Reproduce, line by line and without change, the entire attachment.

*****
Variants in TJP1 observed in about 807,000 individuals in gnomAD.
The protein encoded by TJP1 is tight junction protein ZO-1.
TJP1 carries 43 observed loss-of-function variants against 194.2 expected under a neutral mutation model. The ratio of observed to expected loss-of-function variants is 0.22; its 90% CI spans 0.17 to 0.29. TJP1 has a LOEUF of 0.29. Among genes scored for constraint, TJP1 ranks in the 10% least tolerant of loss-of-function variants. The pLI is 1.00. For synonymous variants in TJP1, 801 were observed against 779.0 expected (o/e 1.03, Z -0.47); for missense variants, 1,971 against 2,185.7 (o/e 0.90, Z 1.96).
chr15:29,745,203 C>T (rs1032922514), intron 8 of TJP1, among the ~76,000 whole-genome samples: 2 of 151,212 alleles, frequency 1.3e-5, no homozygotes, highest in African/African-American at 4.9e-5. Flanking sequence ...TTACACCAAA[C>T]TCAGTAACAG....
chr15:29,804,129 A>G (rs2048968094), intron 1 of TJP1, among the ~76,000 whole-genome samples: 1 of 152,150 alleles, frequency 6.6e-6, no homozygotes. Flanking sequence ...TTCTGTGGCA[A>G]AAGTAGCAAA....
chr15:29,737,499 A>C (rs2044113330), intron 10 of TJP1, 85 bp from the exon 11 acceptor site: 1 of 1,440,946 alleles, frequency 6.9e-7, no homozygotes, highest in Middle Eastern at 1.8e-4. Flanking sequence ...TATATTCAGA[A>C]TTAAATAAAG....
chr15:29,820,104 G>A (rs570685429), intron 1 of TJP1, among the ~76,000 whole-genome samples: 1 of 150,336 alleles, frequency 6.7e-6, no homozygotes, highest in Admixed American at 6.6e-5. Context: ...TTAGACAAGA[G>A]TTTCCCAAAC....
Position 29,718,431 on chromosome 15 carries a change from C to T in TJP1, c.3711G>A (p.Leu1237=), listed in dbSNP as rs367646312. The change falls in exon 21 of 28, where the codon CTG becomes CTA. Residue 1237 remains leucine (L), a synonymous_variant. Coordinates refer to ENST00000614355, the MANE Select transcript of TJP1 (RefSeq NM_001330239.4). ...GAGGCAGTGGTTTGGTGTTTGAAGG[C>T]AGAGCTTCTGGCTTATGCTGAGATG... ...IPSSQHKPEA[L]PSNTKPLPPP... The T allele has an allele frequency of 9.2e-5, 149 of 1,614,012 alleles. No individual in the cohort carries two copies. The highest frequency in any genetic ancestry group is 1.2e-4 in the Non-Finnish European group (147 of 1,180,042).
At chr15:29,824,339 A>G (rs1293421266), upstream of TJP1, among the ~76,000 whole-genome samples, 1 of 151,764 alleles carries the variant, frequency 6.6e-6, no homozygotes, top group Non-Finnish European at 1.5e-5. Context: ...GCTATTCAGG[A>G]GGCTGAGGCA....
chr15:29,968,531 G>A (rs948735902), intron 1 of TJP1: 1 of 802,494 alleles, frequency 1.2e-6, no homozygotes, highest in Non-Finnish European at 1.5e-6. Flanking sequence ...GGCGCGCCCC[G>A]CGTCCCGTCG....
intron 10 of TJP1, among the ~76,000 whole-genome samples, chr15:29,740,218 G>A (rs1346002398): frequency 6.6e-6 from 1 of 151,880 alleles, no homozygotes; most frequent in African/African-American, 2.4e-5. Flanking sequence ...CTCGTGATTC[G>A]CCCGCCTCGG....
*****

Variants in TJP1 observed in about 807,000 individuals in gnomAD.
The protein encoded by TJP1 is tight junction protein ZO-1.
TJP1 carries 43 observed loss-of-function variants against 194.2 expected under a neutral mutation model. The ratio of observed to expected loss-of-function variants is 0.22; its 90% CI spans 0.17 to 0.29. TJP1 has a LOEUF of 0.29. Among genes scored for constraint, TJP1 ranks in the 10% least tolerant of loss-of-function variants. The pLI is 1.00. For synonymous variants in TJP1, 801 were observed against 779.0 expected (o/e 1.03, Z -0.47); for missense variants, 1,971 against 2,185.7 (o/e 0.90, Z 1.96).
chr15:29,745,203 C>T (rs1032922514), intron 8 of TJP1, among the ~76,000 whole-genome samples: 2 of 151,212 alleles, frequency 1.3e-5, no homozygotes, highest in African/African-American at 4.9e-5. Flanking sequence ...TTACACCAAA[C>T]TCAGTAACAG....
chr15:29,804,129 A>G (rs2048968094), intron 1 of TJP1, among the ~76,000 whole-genome samples: 1 of 152,150 alleles, frequency 6.6e-6, no homozygotes. Flanking sequence ...TTCTGTGGCA[A>G]AAGTAGCAAA....
chr15:29,737,499 A>C (rs2044113330), intron 10 of TJP1, 85 bp from the exon 11 acceptor site: 1 of 1,440,946 alleles, frequency 6.9e-7, no homozygotes, highest in Middle Eastern at 1.8e-4. Flanking sequence ...TATATTCAGA[A>C]TTAAATAAAG....
chr15:29,820,104 G>A (rs570685429), intron 1 of TJP1, among the ~76,000 whole-genome samples: 1 of 150,336 alleles, frequency 6.7e-6, no homozygotes, highest in Admixed American at 6.6e-5. Context: ...TTAGACAAGA[G>A]TTTCCCAAAC....
Position 29,718,431 on chromosome 15 carries a change from C to T in TJP1, c.3711G>A (p.Leu1237=), listed in dbSNP as rs367646312. The change falls in exon 21 of 28, where the codon CTG becomes CTA. Residue 1237 remains leucine (L), a synonymous_variant. Coordinates refer to ENST00000614355, the MANE Select transcript of TJP1 (RefSeq NM_001330239.4). ...GAGGCAGTGGTTTGGTGTTTGAAGG[C>T]AGAGCTTCTGGCTTATGCTGAGATG... ...IPSSQHKPEA[L]PSNTKPLPPP... The T allele has an allele frequency of 9.2e-5, 149 of 1,614,012 alleles. No individual in the cohort carries two copies. The highest frequency in any genetic ancestry group is 1.2e-4 in the Non-Finnish European group (147 of 1,180,042).
At chr15:29,824,339 A>G (rs1293421266), upstream of TJP1, among the ~76,000 whole-genome samples, 1 of 151,764 alleles carries the variant, frequency 6.6e-6, no homozygotes, top group Non-Finnish European at 1.5e-5. Context: ...GCTATTCAGG[A>G]GGCTGAGGCA....
chr15:29,968,531 G>A (rs948735902), intron 1 of TJP1: 1 of 802,494 alleles, frequency 1.2e-6, no homozygotes, highest in Non-Finnish European at 1.5e-6. Flanking sequence ...GGCGCGCCCC[G>A]CGTCCCGTCG....
intron 10 of TJP1, among the ~76,000 whole-genome samples, chr15:29,740,218 G>A (rs1346002398): frequency 6.6e-6 from 1 of 151,880 alleles, no homozygotes; most frequent in African/African-American, 2.4e-5. Flanking sequence ...CTCGTGATTC[G>A]CCCGCCTCGG....